Brazil captain Fernando Portugal points to a saying among his nation's sevens community when asked to sum up the amount of effort players need to put in if they are to play the game.
"We say that we kill a lion every single day to play rugby for Brazil," he said, after his team showed that type of fighting spirit in a 17-10 loss to the more fancied Japanese on the Brazilians' first trip to Hong Kong Stadium.
"They say we are kind of crazy," continued Portugal. "No one in Brazil knows a lot about rugby. The game is still growing but our passion is contagious among the Brazilian people and we think in the next few years they will support us more and more."
The Olympics in Rio de Janiero will certainly help. Brazil qualify as host nation for sevens' debut at the 2016 Games, meaning, Portugal said, that his teammates were on the verge of living out a dream they never before even dared to have.
With such a small talent pool to draw on - Brazil has around 10,000 registered players across all levels of rugby - squad members in Hong Kong are involved in both the national 15s and sevens set-ups, plus they must all work full-time.
But Portugal is hopeful the situation can change closer to the Games - and being in Hong Kong is a perfect place to start.
"In the next few years our reality will change a little," he said. "We need a higher level of competition. We can't improve just playing in Brazil and playing South American teams.
"We need to do everything we can to get involved in the [sevens] circuit and to develop the level of our game.
"We still need to split between 15s and sevens which is very complicated for us physically. But we are training a lot to prepare a very good team for the Olympics."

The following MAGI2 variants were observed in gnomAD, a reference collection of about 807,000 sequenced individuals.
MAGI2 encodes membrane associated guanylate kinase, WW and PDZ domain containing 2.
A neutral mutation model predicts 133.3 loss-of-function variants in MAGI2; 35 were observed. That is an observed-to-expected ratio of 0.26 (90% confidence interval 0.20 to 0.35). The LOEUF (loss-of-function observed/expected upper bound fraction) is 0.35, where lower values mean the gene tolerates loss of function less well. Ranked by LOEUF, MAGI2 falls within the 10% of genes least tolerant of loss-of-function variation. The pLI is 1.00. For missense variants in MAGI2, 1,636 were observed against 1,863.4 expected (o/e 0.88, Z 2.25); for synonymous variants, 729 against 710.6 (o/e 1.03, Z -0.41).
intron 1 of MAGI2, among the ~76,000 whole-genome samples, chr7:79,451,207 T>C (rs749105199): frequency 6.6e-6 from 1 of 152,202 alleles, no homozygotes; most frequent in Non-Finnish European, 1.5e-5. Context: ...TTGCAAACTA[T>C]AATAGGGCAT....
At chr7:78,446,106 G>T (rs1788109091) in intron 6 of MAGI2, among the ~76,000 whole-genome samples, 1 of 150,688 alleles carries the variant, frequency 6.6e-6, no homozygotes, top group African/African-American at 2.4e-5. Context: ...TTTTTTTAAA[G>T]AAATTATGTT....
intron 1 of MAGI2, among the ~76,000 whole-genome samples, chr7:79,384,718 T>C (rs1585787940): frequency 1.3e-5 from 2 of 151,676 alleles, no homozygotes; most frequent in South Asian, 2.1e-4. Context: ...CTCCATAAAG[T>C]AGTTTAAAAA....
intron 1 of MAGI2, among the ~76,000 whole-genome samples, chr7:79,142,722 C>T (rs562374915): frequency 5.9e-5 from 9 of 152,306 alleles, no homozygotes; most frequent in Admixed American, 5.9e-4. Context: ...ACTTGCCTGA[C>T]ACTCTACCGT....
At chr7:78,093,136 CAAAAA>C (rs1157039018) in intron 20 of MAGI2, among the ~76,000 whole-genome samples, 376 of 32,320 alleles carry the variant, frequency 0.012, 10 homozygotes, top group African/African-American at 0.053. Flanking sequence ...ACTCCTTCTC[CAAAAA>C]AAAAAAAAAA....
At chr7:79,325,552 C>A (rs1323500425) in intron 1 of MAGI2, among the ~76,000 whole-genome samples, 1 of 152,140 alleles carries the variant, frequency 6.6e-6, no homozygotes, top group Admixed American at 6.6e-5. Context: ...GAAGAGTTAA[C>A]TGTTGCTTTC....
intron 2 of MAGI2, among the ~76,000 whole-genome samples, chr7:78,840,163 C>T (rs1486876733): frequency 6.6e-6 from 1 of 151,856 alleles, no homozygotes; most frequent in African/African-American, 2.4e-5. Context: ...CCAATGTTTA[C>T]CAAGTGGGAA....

Brazil qualified for Hong Kong by finishing second behind Uruguay at the Consur tournament and Portugal said no one in the squad had experienced anything quite like the atmosphere the surrounds a Friday night at the Sevens. But after their first taste of the action, they were all left wanting more.
"It is very important that we play at a higher level, at this professional level," he said. "The noise, this crowd - everything is new for us. This is where we want to be. The fans understand the game. They cheer every good play."
With the Olympics looming, the Brazilian union approached New Zealand's Crusaders organisation 12 months ago and asked for help developing and coaching their players. Hence Kiwi coach Chris Neill is with the squad here and he said he was happy enough with last night's effort.
Japan crossed within 30 seconds, through Sione Faamao Teaupa, but the Brazilians held their nerve before Lucas Duque and then Portugal scored to send them into the break 10-5 up. While there was no more joy for Brazil in the second half, Neill said lessons had been learned.
"We went out there with a real positive approach and we wanted to show the fans that we deserved to be here," he said. "So we tried to bring a little bit of physicality to Japan and to really get in their face.
"[The players] were very nervous, very quiet for most of the day. They are disappointed - which is a good thing - but now they have a little bit of belief."